I wrote here about the possible reasons for the epidemic of hypothyroidism. One major contender is toxic halogens (bromine and fluoride) which pop up in a number of places in our society.

Where You Get Exposed to Halides

Bromine is an antibacterial agent used in pools and hot tubs, an agricultural fumigant and a fumigant for pests and termites, it’s in brominated vegetable oils found in sodas and beverages, and it’s still in some medications, particularly for asthma.

But probably most significantly, bromine is added to bread and bakery products as an anti-caking agent. Back in the 1960s, iodine was added to baking products instead of bromine for the same purpose. But because the therapeutic window for iodine is low, there was concern that this would disrupt thyroid function (see below). Therefore it was replaced with bromine in the 1980s, and bromine continues to be used to this day.

Fluorine is found in the water supply in many areas, as well as in toothpastes. Most of us know (or think we know) that fluoride reduces the incidence of cavities; however, studies now suggest that fluoridation of the water makes no difference in rates of cavities.

What Halides Do

Iodine is a critical nutrient for thyroid function, and since it’s primarily found in iodized salt, seafood, and seaweed, many of us don’t get enough of it.

Because of the chemical similarity between iodine and its cousins bromine and fluorine, though, the latter two can mimic iodine in the body, binding to its receptors. These other halides block the body’s uptake of iodine, potentially leading to goiter and hypothyroidism.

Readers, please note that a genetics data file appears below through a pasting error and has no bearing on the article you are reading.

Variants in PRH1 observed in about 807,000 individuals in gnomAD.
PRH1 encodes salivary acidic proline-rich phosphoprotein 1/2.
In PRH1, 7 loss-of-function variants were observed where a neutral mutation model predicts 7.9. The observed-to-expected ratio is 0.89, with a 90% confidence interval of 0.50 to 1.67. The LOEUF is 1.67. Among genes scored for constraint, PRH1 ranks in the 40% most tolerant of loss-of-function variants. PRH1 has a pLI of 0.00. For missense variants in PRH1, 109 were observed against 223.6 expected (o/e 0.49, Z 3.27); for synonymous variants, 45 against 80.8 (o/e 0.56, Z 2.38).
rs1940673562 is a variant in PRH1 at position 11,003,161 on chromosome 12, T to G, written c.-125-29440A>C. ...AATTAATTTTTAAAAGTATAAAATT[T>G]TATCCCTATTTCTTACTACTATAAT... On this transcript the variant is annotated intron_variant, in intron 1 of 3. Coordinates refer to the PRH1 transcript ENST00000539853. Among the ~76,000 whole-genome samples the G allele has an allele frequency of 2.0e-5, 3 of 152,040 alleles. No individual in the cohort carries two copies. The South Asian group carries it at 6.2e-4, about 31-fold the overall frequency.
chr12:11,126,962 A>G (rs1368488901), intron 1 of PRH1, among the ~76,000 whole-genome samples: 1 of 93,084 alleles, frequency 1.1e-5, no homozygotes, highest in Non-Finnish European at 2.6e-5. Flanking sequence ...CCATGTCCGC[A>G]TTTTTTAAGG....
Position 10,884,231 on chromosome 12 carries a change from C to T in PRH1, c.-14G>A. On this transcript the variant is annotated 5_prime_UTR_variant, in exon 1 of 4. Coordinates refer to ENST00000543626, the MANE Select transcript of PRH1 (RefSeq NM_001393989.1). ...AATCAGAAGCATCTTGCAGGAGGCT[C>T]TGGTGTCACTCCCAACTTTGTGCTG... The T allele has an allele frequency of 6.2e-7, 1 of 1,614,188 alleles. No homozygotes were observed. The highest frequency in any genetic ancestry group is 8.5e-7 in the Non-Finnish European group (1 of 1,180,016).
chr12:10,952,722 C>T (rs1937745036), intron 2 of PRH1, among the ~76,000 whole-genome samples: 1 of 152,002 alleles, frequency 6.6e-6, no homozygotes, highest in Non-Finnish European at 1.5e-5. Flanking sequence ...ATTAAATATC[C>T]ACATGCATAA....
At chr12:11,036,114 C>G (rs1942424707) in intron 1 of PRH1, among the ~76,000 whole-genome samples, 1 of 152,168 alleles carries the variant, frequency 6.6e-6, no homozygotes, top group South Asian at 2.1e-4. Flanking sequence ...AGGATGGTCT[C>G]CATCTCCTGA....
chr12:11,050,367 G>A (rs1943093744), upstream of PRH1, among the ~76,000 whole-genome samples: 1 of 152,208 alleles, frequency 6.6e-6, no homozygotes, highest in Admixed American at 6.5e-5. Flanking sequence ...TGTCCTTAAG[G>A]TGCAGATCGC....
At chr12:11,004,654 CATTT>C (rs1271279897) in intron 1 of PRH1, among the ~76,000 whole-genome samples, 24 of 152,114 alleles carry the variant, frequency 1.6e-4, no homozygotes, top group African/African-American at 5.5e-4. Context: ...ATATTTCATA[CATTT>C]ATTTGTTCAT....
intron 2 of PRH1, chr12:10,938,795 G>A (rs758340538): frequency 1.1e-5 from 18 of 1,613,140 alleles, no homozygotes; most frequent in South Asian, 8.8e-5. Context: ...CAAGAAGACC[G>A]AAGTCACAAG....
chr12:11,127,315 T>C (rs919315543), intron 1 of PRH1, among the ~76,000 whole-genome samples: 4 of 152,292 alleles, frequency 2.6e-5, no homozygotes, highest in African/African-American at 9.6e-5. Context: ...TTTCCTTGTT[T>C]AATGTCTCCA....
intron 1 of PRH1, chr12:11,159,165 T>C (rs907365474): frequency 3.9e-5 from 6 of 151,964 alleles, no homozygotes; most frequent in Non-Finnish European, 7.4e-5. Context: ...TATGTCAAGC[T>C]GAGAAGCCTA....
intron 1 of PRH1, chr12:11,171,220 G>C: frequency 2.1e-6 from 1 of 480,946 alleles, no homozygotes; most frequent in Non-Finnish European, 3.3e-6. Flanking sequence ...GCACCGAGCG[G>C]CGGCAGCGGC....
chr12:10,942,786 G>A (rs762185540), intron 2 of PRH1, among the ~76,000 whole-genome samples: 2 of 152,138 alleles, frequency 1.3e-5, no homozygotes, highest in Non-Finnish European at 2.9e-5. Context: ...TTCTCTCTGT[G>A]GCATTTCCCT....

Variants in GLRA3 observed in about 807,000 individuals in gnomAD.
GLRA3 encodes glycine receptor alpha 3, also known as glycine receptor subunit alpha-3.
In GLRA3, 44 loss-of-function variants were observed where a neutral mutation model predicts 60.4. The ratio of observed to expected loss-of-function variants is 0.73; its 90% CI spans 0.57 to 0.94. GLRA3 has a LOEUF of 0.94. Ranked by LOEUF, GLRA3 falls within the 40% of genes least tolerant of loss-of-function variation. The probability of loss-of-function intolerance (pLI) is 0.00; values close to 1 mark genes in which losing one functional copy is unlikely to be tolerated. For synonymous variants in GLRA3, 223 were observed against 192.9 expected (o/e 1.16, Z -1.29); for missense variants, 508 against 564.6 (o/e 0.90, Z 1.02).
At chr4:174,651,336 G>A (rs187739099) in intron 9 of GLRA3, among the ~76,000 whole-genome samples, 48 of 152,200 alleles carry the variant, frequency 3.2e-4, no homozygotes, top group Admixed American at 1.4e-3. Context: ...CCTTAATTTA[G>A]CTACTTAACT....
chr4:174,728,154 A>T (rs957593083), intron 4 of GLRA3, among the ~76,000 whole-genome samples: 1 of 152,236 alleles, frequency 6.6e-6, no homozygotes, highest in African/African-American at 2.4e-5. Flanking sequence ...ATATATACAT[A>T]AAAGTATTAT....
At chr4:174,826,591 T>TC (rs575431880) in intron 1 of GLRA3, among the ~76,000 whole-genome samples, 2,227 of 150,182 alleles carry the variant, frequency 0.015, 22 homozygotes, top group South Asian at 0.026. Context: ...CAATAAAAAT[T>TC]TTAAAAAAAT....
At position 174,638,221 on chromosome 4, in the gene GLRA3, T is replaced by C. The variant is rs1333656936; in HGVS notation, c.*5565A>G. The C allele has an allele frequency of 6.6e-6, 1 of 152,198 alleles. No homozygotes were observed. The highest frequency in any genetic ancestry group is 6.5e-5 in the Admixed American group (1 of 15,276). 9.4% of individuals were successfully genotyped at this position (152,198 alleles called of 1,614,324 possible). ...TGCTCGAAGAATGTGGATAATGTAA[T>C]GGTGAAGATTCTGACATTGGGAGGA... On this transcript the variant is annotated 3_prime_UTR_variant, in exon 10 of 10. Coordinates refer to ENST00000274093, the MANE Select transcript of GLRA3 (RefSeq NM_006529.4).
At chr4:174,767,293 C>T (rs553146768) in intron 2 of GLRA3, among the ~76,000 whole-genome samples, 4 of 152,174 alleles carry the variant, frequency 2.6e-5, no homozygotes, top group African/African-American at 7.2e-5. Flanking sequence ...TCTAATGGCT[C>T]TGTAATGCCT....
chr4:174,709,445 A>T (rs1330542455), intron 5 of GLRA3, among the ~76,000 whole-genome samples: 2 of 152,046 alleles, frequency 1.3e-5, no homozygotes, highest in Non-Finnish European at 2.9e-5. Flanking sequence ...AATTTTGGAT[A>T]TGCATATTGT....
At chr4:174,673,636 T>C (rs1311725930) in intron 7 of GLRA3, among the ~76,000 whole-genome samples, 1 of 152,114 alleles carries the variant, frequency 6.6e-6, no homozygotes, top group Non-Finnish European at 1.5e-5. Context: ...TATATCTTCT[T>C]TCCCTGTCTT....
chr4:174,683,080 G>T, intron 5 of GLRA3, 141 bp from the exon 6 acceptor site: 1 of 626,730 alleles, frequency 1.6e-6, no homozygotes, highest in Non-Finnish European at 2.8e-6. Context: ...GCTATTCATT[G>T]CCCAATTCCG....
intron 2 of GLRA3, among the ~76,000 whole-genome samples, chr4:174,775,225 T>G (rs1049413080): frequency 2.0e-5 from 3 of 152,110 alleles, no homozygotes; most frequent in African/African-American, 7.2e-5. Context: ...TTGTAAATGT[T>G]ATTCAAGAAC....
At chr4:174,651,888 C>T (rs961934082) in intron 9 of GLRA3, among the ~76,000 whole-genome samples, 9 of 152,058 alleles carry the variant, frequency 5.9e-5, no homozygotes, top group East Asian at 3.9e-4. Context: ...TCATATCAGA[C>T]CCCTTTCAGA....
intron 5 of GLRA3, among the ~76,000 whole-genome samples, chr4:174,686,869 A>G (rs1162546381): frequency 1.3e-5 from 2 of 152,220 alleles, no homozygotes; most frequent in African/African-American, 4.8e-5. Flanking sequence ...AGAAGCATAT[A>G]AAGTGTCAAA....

There is a test available that shows urinary excretion levels of fluorine, bromine, and iodine. This can indicate how big a problem these halides may be for you.

How You Avoid (or get rid of) Halides

  • Go organic. Crops that have been fumigated are likely to have elevated levels of bromine.
  • Limit bakery products. If you eat bread, do your best to make your own! Manufacturers are not required to list potassium bromate or brominated flour on the label. Or, my favorite bromine-free store-bought brand is sprouted, 100% whole grain Ezekiel bread.
  • Get a multivitamin that contains iodine, and/or consume seaweed. Iodine and other halides are at odds with one another, and supplementing with one can supplant the other. Because the therapeutic range is small and both too much or too little iodine can suppress the thyroid, at this point I prefer food sources or smaller amounts, like that found in a multivitamin. 
  • Salt Your Food! There is good salt and bad salt; what you want is the iodized Celtic Sea Salt, added to taste, and not the highly manufactured high-sodium containing foods. But it’s not just the iodine that will help supplant fluoride and bromide—it’s also the chloride, as chloride is also in the halide family. For this reason, a low-salt diet is likely to exacerbate halide toxicity.
  • Filter Your Water. This will help you avoid the halides in the water supply. A simple Brita filter should do the trick.
  • Choose Fluoride-Free Toothpastes.

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